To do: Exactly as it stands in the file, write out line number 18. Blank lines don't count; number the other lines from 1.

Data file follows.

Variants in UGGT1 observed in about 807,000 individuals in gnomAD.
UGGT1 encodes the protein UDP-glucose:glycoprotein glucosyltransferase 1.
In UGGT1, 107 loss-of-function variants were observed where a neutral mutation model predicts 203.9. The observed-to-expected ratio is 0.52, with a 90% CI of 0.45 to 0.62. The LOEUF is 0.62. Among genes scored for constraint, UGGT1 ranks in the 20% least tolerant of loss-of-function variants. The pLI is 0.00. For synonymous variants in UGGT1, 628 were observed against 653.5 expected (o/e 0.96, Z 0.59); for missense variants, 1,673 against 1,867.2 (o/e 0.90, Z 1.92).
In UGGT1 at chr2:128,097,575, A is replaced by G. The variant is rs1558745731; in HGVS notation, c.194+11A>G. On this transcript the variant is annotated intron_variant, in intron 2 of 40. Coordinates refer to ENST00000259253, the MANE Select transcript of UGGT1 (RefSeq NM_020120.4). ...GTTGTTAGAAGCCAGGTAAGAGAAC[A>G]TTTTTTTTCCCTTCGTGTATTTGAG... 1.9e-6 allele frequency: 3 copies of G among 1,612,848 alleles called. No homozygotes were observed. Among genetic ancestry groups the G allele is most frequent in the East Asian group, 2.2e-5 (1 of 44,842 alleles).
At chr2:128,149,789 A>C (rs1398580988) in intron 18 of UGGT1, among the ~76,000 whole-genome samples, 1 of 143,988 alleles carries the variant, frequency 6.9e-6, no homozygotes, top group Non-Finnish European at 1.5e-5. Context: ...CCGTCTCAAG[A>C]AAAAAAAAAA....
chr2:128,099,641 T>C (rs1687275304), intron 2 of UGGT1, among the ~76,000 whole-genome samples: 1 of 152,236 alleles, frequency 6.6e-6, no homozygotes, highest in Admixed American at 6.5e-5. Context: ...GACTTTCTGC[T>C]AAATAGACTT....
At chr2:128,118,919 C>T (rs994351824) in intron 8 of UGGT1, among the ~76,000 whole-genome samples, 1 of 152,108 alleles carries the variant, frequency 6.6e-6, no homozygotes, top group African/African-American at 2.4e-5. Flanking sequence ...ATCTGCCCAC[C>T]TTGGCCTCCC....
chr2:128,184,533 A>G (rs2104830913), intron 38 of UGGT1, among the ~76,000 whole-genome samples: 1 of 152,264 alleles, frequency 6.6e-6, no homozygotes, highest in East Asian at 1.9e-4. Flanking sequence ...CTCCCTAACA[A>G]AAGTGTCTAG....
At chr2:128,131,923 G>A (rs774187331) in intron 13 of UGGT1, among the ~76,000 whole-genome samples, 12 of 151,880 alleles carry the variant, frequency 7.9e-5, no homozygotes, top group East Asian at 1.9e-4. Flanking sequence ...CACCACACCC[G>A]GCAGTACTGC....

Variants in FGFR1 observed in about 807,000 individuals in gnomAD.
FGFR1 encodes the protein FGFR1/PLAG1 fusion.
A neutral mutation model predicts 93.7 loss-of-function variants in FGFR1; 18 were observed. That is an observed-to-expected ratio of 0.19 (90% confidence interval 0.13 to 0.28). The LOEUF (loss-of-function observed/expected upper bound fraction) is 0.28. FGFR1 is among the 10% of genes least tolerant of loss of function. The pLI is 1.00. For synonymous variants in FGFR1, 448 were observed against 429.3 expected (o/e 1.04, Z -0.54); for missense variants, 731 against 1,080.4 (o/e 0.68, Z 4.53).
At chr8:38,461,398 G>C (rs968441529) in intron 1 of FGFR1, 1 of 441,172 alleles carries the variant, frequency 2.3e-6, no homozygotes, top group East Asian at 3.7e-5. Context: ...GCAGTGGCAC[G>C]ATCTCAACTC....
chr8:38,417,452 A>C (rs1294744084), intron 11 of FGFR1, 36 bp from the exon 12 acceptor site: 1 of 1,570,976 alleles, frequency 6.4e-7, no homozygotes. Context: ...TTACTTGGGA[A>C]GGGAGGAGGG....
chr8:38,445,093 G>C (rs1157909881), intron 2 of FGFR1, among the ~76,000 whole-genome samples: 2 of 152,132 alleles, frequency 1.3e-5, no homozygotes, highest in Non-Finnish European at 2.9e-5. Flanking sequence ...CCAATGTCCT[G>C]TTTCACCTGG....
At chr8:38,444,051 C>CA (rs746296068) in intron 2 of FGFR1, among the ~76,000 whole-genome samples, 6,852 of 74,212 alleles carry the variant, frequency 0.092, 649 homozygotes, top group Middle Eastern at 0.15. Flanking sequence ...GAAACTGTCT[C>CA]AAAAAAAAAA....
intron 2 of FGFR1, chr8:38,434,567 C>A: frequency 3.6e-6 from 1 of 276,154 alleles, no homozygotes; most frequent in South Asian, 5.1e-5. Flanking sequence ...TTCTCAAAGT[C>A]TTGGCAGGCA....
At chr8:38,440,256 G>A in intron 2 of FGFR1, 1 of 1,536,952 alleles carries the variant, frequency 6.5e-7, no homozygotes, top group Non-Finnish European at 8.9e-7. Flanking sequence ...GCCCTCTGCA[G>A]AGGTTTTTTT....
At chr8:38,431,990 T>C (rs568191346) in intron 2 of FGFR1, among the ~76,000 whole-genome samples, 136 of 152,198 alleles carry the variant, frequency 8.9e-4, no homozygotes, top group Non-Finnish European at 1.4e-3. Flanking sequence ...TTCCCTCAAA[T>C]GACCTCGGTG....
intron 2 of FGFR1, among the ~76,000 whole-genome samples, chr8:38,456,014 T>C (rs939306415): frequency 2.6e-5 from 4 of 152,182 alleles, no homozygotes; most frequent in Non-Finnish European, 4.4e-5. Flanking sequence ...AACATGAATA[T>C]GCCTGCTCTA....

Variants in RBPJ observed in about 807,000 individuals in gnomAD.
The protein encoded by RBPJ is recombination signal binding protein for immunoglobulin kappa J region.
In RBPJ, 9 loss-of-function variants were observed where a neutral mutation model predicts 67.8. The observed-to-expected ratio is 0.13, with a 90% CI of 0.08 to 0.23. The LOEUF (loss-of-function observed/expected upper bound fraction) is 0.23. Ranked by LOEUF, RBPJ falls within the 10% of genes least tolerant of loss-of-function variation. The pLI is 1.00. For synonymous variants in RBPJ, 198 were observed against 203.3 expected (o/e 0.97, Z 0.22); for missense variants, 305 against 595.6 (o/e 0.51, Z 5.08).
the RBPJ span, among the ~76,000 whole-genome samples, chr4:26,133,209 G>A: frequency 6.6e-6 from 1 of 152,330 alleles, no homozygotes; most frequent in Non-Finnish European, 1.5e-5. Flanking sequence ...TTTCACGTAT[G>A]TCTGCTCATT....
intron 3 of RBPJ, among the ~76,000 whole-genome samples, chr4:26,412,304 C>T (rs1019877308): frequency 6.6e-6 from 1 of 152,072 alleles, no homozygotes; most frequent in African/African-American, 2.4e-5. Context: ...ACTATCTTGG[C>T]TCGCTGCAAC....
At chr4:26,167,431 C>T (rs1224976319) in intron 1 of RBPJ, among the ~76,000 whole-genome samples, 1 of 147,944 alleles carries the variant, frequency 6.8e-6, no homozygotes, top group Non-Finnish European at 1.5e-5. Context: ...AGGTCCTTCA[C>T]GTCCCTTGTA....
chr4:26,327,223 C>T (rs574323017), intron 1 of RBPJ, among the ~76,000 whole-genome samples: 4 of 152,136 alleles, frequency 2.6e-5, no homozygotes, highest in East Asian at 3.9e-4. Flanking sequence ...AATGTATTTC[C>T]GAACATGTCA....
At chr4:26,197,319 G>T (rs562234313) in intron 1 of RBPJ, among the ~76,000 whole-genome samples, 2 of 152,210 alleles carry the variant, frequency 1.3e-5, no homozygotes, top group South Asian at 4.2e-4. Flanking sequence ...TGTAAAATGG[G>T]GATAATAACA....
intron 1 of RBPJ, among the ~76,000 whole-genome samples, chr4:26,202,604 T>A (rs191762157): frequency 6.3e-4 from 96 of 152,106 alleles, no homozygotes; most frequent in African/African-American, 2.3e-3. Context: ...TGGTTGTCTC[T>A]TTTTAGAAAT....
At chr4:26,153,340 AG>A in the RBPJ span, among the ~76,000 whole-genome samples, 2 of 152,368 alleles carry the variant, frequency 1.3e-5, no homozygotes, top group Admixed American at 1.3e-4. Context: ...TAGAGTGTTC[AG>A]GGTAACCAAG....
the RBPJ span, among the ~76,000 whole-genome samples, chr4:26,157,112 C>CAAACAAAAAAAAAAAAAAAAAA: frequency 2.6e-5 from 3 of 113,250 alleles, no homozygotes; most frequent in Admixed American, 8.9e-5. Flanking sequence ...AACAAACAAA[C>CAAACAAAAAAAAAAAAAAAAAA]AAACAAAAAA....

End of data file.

At chr8:38,440,256 G>A in intron 2 of FGFR1, 1 of 1,536,952 alleles carries the variant, frequency 6.5e-7, no homozygotes, top group Non-Finnish European at 8.9e-7. Flanking sequence ...GCCCTCTGCA[G>A]AGGTTTTTTT....